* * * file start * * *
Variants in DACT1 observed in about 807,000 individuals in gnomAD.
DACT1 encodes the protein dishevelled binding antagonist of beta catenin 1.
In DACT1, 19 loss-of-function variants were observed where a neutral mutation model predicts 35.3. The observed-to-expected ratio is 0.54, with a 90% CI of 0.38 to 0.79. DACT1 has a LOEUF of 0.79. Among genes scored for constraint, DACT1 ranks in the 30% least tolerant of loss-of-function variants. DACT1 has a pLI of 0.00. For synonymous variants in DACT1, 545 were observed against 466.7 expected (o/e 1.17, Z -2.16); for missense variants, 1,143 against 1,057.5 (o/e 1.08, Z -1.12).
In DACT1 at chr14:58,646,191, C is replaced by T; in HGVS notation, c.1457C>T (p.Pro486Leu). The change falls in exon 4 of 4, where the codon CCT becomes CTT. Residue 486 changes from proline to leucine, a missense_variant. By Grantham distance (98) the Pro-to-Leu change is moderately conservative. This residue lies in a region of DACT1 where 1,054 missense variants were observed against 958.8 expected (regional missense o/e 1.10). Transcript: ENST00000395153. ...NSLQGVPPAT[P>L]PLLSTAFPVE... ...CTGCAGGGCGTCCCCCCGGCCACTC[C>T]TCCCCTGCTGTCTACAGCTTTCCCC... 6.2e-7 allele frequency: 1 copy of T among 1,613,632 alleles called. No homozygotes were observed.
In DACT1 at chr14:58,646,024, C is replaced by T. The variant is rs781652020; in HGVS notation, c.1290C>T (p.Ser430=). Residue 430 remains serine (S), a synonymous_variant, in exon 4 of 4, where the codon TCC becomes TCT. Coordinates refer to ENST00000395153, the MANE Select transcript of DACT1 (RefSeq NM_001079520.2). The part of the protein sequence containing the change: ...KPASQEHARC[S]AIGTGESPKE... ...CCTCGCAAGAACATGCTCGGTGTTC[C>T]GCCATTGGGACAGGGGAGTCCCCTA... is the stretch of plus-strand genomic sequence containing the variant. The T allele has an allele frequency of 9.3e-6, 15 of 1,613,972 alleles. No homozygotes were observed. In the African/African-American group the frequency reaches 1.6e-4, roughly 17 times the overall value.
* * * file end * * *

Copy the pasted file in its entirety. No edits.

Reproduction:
Variants in DACT1 observed in about 807,000 individuals in gnomAD.
DACT1 encodes the protein dishevelled binding antagonist of beta catenin 1.
In DACT1, 19 loss-of-function variants were observed where a neutral mutation model predicts 35.3. The observed-to-expected ratio is 0.54, with a 90% CI of 0.38 to 0.79. DACT1 has a LOEUF of 0.79. Among genes scored for constraint, DACT1 ranks in the 30% least tolerant of loss-of-function variants. DACT1 has a pLI of 0.00. For synonymous variants in DACT1, 545 were observed against 466.7 expected (o/e 1.17, Z -2.16); for missense variants, 1,143 against 1,057.5 (o/e 1.08, Z -1.12).
In DACT1 at chr14:58,646,191, C is replaced by T; in HGVS notation, c.1457C>T (p.Pro486Leu). The change falls in exon 4 of 4, where the codon CCT becomes CTT. Residue 486 changes from proline to leucine, a missense_variant. By Grantham distance (98) the Pro-to-Leu change is moderately conservative. This residue lies in a region of DACT1 where 1,054 missense variants were observed against 958.8 expected (regional missense o/e 1.10). Transcript: ENST00000395153. ...NSLQGVPPAT[P>L]PLLSTAFPVE... ...CTGCAGGGCGTCCCCCCGGCCACTC[C>T]TCCCCTGCTGTCTACAGCTTTCCCC... 6.2e-7 allele frequency: 1 copy of T among 1,613,632 alleles called. No homozygotes were observed.
In DACT1 at chr14:58,646,024, C is replaced by T. The variant is rs781652020; in HGVS notation, c.1290C>T (p.Ser430=). Residue 430 remains serine (S), a synonymous_variant, in exon 4 of 4, where the codon TCC becomes TCT. Coordinates refer to ENST00000395153, the MANE Select transcript of DACT1 (RefSeq NM_001079520.2). The part of the protein sequence containing the change: ...KPASQEHARC[S]AIGTGESPKE... ...CCTCGCAAGAACATGCTCGGTGTTC[C>T]GCCATTGGGACAGGGGAGTCCCCTA... is the stretch of plus-strand genomic sequence containing the variant. The T allele has an allele frequency of 9.3e-6, 15 of 1,613,972 alleles. No homozygotes were observed. In the African/African-American group the frequency reaches 1.6e-4, roughly 17 times the overall value.